William John  Conolly 1821-1887 Senior,  the father of William H. was born Rathmines , Dublin and died *Calahla , Manley NSW. He married ( wife #2 ) Mary L Burrowes in Sydney in 1876. It was this William J.  Conolly who started up the Flour  Mills at Goulburn I believe  – the shares handed down  to William H. were  contested in a court case in 1902  against William H’s brother Russell Edward.

William Conolly senior was  previously a wine merchant in Dublin who came out to Australia in 1853 and this was supposedly the year that his son, William H was born – did he bring his son with him to Australia ?

http://whitehallbalgowlah.weebly.com/past.html Note, that The home *”Calahla” in Manley(where William senior died),  was the home of Sir Edmund Barton 1888 -1891( Australia’s first prime minister), and became Winchester College and by 1913 a lot of the land was sold. The building is now known as “Whitehall” and is regarded as a Heritage building. http://www.wikitree.com/wiki/Conolly-23 william conolly 1887 death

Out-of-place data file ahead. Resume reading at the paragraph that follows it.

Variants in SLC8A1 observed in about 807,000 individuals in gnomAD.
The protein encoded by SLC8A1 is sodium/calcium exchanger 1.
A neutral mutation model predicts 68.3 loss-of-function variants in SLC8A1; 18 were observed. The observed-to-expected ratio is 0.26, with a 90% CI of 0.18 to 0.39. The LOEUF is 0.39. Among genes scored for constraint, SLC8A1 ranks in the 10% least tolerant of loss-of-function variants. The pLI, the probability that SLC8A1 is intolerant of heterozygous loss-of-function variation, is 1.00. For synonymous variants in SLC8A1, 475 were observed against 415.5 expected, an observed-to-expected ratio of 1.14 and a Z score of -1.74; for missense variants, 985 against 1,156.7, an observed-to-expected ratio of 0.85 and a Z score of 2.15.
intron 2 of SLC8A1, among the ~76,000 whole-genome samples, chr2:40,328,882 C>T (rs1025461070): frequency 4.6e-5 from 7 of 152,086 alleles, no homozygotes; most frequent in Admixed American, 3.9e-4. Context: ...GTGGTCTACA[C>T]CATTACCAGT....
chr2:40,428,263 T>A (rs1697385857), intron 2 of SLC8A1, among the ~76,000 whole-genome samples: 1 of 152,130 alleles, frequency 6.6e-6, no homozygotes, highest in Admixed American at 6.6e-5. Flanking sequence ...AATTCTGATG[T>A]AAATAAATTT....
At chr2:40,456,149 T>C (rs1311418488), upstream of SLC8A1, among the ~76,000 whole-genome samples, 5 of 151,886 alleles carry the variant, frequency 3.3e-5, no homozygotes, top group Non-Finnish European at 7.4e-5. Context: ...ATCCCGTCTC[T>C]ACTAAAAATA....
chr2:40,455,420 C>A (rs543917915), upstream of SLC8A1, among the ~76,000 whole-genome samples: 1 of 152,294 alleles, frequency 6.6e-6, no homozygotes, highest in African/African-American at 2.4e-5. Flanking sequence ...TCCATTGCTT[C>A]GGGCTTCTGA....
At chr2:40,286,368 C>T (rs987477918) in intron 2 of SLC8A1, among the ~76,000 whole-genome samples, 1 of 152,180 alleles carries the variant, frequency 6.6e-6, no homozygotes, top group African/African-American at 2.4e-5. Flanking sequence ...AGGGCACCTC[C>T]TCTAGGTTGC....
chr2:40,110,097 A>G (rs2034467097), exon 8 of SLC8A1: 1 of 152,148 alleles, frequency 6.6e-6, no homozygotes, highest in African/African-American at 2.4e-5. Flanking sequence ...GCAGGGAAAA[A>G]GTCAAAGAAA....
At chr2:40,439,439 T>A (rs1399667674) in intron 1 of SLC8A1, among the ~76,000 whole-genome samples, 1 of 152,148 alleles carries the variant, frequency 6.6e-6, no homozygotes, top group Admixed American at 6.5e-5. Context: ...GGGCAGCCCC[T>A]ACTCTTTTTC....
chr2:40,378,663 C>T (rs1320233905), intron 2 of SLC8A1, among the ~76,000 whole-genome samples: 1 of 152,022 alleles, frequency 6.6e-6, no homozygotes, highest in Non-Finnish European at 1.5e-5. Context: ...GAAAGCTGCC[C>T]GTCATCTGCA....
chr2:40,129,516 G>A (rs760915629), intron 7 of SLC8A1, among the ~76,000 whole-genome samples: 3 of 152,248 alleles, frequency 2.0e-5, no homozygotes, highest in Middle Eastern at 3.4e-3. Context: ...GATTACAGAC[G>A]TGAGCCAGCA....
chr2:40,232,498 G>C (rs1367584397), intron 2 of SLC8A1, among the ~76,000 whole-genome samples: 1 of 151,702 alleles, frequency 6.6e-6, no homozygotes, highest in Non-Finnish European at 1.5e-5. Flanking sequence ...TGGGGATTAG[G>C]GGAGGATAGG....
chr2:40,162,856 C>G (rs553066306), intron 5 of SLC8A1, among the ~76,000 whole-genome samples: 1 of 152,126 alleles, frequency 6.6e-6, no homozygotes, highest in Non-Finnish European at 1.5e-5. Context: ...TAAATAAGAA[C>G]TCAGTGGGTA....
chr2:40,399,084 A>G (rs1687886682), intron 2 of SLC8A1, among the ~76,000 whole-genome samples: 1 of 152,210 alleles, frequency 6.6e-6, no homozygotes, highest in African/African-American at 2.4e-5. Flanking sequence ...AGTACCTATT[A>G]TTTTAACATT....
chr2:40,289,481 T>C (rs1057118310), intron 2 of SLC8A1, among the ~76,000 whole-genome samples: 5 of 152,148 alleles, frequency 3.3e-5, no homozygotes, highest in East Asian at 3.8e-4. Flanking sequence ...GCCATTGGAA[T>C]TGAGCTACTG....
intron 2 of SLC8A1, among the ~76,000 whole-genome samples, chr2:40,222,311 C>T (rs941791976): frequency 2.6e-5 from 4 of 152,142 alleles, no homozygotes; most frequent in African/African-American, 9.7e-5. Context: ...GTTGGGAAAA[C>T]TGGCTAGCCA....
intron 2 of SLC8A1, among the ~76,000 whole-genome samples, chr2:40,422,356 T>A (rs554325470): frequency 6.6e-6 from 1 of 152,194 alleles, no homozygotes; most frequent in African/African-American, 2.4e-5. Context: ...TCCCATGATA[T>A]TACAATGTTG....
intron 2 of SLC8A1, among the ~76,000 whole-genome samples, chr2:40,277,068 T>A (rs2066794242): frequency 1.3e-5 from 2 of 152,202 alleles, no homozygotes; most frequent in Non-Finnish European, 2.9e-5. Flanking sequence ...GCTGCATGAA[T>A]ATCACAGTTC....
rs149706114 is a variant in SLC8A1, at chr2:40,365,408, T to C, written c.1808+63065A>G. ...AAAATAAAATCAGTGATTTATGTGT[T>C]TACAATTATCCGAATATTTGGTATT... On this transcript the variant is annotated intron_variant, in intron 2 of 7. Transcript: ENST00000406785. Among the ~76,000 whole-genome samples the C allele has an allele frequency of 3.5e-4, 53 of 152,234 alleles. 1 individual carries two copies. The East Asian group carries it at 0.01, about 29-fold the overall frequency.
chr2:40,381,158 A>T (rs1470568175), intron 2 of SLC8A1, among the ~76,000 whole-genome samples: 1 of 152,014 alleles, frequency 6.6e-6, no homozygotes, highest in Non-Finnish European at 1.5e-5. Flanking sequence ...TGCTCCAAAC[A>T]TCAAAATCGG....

William Conolly 1821-1887

William Conolly 1821-1887

William John Conolly

William John Conolly

William H Conolly cont:

William H’s siblings: Richard Bessonet, Thomas Wilans, Charles Hamilton, George Wallace, Russell Edward, Emily Jane Draper, Robert Septimus, Octavius Benoni Emilius, Noel Alfred Williams, Mary Lavinia Margery.

1882 william h conolly marries emily grace

http://churchrecords.irishgenealogy.ie/churchrecords/details/1aa29f0202891( the baptism of William Henry Conolly)- this may or may not be the Willam Conolly as we have him placed in Australia around 1849 ! Have to check.

william henry conolly baptism